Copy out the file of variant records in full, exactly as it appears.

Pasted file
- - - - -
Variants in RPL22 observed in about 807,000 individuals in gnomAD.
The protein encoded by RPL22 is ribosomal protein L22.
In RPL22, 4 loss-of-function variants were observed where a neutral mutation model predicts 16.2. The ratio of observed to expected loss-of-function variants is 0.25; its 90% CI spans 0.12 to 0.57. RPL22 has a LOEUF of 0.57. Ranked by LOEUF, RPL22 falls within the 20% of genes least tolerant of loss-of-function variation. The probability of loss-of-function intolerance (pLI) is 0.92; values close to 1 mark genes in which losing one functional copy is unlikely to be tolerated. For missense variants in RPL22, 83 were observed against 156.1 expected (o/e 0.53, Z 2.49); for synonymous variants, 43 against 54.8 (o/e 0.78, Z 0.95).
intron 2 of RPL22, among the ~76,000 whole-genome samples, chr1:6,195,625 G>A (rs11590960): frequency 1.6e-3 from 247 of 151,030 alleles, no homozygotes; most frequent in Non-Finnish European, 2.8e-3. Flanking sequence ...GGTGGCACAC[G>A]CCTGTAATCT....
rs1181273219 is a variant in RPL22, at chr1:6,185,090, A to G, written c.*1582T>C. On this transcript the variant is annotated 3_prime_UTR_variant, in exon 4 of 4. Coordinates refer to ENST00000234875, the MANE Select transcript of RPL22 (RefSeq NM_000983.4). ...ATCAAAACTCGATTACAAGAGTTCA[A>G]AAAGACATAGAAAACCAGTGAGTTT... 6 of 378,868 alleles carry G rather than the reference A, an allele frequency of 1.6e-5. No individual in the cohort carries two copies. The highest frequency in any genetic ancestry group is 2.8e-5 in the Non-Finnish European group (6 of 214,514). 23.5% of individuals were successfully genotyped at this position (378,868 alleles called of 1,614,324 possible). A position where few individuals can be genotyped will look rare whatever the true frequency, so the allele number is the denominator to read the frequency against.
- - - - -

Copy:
Variants in RPL22 observed in about 807,000 individuals in gnomAD.
The protein encoded by RPL22 is ribosomal protein L22.
In RPL22, 4 loss-of-function variants were observed where a neutral mutation model predicts 16.2. The ratio of observed to expected loss-of-function variants is 0.25; its 90% CI spans 0.12 to 0.57. RPL22 has a LOEUF of 0.57. Ranked by LOEUF, RPL22 falls within the 20% of genes least tolerant of loss-of-function variation. The probability of loss-of-function intolerance (pLI) is 0.92; values close to 1 mark genes in which losing one functional copy is unlikely to be tolerated. For missense variants in RPL22, 83 were observed against 156.1 expected (o/e 0.53, Z 2.49); for synonymous variants, 43 against 54.8 (o/e 0.78, Z 0.95).
intron 2 of RPL22, among the ~76,000 whole-genome samples, chr1:6,195,625 G>A (rs11590960): frequency 1.6e-3 from 247 of 151,030 alleles, no homozygotes; most frequent in Non-Finnish European, 2.8e-3. Flanking sequence ...GGTGGCACAC[G>A]CCTGTAATCT....
rs1181273219 is a variant in RPL22, at chr1:6,185,090, A to G, written c.*1582T>C. On this transcript the variant is annotated 3_prime_UTR_variant, in exon 4 of 4. Coordinates refer to ENST00000234875, the MANE Select transcript of RPL22 (RefSeq NM_000983.4). ...ATCAAAACTCGATTACAAGAGTTCA[A>G]AAAGACATAGAAAACCAGTGAGTTT... 6 of 378,868 alleles carry G rather than the reference A, an allele frequency of 1.6e-5. No individual in the cohort carries two copies. The highest frequency in any genetic ancestry group is 2.8e-5 in the Non-Finnish European group (6 of 214,514). 23.5% of individuals were successfully genotyped at this position (378,868 alleles called of 1,614,324 possible). A position where few individuals can be genotyped will look rare whatever the true frequency, so the allele number is the denominator to read the frequency against.